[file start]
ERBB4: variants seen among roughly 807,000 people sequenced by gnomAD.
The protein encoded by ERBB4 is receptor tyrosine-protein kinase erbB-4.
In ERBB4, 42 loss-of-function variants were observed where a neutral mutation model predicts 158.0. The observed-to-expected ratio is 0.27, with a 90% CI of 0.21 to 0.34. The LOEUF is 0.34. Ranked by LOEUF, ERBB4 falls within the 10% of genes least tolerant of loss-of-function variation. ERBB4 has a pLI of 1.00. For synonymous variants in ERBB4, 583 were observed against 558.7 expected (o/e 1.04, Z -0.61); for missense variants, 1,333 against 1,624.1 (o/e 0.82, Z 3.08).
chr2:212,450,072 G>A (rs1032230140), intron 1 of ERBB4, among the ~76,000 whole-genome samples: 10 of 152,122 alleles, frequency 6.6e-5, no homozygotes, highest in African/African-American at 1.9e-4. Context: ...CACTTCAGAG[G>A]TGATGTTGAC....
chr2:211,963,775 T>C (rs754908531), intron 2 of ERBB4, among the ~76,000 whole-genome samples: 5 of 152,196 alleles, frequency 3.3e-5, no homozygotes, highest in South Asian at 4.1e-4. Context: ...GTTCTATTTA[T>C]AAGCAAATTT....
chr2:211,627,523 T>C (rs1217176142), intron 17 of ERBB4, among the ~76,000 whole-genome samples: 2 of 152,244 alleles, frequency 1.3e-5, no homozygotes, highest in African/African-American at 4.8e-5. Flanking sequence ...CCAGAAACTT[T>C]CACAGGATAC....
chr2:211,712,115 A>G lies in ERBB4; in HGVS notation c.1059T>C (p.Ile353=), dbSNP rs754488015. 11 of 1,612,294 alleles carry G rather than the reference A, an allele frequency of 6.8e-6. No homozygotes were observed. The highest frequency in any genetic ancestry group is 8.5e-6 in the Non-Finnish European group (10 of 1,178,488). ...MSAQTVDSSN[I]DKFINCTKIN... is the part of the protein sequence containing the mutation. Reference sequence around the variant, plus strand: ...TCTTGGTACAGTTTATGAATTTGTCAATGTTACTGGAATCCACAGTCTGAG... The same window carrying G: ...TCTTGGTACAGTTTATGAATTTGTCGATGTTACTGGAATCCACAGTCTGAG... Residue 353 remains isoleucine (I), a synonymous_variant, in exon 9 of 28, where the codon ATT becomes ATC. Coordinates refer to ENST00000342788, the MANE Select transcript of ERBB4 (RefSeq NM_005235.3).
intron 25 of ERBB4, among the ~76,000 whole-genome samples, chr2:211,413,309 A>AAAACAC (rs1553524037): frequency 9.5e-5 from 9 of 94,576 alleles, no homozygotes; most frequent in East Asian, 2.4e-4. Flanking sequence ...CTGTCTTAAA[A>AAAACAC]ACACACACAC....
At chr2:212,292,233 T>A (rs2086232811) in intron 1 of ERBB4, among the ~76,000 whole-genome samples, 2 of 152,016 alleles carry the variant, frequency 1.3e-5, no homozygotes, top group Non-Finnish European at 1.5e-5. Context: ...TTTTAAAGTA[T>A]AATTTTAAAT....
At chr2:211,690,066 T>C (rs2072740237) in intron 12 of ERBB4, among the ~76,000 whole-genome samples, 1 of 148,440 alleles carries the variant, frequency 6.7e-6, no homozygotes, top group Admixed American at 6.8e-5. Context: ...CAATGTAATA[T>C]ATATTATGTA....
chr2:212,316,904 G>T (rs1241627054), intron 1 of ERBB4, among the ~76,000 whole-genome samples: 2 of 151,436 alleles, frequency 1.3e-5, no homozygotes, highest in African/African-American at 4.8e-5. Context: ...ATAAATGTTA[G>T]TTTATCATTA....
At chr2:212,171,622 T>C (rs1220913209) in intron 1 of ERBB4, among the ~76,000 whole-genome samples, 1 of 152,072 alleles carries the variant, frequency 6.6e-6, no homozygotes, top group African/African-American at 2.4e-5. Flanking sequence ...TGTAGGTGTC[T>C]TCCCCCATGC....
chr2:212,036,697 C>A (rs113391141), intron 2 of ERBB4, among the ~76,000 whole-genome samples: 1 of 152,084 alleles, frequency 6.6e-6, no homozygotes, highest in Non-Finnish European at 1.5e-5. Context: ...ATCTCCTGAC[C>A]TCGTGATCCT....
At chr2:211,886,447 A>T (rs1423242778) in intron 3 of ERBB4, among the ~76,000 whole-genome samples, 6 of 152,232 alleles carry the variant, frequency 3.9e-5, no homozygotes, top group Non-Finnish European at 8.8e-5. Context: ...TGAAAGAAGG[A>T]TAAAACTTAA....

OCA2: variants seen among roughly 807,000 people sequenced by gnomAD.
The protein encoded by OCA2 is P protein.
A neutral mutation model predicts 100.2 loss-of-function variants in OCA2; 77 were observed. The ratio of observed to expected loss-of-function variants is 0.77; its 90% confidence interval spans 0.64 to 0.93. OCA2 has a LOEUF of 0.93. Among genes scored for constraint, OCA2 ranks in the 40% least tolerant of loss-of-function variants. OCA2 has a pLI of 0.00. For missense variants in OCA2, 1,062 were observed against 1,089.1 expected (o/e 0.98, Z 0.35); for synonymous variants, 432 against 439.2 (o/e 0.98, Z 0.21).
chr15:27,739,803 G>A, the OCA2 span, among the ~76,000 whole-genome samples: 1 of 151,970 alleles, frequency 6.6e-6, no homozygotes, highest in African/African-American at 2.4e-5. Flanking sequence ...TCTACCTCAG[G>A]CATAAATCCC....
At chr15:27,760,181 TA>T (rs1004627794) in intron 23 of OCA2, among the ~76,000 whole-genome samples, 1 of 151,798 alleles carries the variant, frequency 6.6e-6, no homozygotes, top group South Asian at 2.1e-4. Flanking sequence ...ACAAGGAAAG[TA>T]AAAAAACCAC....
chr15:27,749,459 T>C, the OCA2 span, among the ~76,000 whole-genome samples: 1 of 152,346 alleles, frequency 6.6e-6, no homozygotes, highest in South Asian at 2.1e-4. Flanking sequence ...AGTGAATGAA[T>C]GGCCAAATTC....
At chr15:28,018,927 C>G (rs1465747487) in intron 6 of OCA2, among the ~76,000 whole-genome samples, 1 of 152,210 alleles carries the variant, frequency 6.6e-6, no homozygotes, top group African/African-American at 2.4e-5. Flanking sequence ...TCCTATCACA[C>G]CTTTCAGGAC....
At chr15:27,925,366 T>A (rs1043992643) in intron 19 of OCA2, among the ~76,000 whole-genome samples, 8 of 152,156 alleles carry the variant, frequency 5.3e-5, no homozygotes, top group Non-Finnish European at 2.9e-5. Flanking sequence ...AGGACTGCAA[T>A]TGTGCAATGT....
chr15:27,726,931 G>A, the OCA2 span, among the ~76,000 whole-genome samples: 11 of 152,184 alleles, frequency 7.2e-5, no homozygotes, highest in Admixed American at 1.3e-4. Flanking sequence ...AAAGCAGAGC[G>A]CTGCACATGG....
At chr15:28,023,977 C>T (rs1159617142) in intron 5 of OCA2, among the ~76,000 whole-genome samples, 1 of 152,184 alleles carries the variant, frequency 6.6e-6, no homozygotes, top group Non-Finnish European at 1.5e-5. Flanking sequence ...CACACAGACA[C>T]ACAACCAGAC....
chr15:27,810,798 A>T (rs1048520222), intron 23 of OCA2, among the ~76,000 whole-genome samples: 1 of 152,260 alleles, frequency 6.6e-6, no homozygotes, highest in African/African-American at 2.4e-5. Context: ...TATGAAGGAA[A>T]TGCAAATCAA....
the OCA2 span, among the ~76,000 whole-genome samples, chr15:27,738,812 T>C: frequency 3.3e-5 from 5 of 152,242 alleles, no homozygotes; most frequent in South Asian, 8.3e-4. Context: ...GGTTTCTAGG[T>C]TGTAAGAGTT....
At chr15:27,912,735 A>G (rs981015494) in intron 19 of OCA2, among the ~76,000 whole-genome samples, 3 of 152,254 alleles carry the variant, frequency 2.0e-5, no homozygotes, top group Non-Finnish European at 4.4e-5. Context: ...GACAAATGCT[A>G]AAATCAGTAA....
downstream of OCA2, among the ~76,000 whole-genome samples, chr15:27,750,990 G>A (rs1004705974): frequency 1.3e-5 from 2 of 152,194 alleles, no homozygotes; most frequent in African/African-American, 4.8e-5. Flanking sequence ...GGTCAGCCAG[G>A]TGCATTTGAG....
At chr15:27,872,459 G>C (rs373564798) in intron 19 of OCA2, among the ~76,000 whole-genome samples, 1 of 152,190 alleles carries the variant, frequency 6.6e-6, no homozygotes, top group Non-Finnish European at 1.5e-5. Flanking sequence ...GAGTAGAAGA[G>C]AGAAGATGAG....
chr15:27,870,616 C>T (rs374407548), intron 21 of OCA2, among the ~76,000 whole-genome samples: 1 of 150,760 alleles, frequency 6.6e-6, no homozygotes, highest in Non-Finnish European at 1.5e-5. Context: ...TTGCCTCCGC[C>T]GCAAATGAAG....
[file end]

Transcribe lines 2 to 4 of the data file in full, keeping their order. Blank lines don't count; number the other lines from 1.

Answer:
The protein encoded by ERBB4 is receptor tyrosine-protein kinase erbB-4.
In ERBB4, 42 loss-of-function variants were observed where a neutral mutation model predicts 158.0. The observed-to-expected ratio is 0.27, with a 90% CI of 0.21 to 0.34. The LOEUF is 0.34. Ranked by LOEUF, ERBB4 falls within the 10% of genes least tolerant of loss-of-function variation. ERBB4 has a pLI of 1.00. For synonymous variants in ERBB4, 583 were observed against 558.7 expected (o/e 1.04, Z -0.61); for missense variants, 1,333 against 1,624.1 (o/e 0.82, Z 3.08).
chr2:212,450,072 G>A (rs1032230140), intron 1 of ERBB4, among the ~76,000 whole-genome samples: 10 of 152,122 alleles, frequency 6.6e-5, no homozygotes, highest in African/African-American at 1.9e-4. Context: ...CACTTCAGAG[G>A]TGATGTTGAC....